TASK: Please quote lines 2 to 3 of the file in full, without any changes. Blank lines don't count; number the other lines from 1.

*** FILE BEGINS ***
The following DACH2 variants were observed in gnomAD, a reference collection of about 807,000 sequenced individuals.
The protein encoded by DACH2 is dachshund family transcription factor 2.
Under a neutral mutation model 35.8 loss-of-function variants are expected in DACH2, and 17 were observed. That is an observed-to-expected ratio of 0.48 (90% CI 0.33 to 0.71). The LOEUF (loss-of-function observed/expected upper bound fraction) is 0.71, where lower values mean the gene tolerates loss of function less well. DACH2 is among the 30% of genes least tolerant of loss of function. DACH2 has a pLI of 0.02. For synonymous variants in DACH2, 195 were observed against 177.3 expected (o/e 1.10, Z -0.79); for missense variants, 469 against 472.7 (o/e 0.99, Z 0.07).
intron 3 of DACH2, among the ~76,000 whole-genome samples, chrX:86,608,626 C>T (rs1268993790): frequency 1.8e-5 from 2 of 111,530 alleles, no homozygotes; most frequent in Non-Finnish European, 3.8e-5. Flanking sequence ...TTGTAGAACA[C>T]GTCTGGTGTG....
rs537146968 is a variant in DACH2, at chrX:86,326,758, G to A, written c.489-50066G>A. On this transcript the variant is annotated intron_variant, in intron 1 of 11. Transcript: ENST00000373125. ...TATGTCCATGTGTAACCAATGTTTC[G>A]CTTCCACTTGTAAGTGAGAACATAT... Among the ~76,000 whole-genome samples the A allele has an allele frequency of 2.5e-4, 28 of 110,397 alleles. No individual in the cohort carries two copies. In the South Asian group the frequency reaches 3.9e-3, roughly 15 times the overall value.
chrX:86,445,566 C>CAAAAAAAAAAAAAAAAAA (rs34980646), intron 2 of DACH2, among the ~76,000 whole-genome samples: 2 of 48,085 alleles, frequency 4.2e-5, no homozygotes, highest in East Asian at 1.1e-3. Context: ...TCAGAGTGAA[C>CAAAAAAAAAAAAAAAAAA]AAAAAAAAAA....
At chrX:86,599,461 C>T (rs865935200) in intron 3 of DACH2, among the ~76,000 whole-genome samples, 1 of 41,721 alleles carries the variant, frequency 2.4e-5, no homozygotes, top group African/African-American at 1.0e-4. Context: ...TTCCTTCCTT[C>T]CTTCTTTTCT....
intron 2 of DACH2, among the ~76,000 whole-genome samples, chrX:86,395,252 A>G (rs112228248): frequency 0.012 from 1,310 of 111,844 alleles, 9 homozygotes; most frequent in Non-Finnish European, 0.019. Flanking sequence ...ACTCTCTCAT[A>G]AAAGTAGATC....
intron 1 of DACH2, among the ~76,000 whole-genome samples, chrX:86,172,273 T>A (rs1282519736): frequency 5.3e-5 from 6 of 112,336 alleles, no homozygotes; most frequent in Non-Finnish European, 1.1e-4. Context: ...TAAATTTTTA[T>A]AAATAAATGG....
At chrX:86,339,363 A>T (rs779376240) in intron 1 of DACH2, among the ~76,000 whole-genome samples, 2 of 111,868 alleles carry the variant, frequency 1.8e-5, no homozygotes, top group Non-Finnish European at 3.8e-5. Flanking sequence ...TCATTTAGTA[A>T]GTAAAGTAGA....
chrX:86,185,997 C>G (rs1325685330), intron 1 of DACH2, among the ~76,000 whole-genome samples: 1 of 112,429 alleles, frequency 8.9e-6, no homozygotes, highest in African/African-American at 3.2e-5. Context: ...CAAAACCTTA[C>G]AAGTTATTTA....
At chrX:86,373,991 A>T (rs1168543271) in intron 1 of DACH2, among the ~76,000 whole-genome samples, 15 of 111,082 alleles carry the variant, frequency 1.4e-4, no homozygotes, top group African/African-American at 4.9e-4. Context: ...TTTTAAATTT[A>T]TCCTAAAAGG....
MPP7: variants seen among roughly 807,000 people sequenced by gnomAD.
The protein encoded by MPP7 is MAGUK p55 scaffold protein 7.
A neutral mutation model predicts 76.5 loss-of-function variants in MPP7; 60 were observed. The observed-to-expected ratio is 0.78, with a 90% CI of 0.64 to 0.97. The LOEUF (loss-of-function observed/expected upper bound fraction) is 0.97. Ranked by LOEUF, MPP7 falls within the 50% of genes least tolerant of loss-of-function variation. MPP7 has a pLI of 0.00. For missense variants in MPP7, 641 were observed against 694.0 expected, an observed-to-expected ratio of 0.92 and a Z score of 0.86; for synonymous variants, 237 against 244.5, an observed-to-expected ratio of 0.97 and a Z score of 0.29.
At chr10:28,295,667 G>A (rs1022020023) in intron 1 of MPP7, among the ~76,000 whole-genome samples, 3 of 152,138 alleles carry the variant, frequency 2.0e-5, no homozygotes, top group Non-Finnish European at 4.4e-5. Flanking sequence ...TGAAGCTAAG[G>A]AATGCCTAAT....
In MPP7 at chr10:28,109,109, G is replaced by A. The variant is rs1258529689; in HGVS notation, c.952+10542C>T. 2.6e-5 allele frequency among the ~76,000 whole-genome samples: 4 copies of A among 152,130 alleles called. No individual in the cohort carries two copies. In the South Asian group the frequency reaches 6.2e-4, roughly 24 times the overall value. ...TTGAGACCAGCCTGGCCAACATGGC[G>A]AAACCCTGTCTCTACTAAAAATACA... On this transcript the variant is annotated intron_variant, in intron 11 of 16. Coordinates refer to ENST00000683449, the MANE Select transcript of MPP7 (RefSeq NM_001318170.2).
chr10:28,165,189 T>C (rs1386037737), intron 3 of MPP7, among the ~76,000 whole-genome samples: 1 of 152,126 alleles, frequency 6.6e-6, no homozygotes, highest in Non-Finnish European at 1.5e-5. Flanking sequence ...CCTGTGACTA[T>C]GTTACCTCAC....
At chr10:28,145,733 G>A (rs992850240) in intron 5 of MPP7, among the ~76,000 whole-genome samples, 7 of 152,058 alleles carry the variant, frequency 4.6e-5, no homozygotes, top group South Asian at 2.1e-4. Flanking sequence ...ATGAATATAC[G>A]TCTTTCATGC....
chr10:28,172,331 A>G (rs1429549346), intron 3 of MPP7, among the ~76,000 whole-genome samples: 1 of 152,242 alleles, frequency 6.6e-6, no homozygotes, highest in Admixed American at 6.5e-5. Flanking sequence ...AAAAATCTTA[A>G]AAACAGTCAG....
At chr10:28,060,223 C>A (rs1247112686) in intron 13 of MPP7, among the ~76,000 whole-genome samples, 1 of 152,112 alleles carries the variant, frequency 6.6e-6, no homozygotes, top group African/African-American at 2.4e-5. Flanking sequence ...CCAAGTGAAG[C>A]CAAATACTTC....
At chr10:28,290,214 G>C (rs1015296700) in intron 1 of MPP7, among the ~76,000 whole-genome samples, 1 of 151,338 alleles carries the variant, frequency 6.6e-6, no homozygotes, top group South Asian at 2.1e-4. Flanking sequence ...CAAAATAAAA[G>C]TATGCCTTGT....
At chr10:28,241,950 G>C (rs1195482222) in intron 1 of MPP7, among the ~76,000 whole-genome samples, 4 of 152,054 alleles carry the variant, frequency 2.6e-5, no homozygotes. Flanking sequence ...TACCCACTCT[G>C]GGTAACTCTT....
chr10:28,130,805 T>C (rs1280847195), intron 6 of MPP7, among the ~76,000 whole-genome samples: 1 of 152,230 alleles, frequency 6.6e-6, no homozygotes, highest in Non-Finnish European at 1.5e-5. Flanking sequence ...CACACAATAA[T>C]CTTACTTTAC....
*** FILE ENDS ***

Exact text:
The protein encoded by DACH2 is dachshund family transcription factor 2.
Under a neutral mutation model 35.8 loss-of-function variants are expected in DACH2, and 17 were observed. That is an observed-to-expected ratio of 0.48 (90% CI 0.33 to 0.71). The LOEUF (loss-of-function observed/expected upper bound fraction) is 0.71, where lower values mean the gene tolerates loss of function less well. DACH2 is among the 30% of genes least tolerant of loss of function. DACH2 has a pLI of 0.02. For synonymous variants in DACH2, 195 were observed against 177.3 expected (o/e 1.10, Z -0.79); for missense variants, 469 against 472.7 (o/e 0.99, Z 0.07).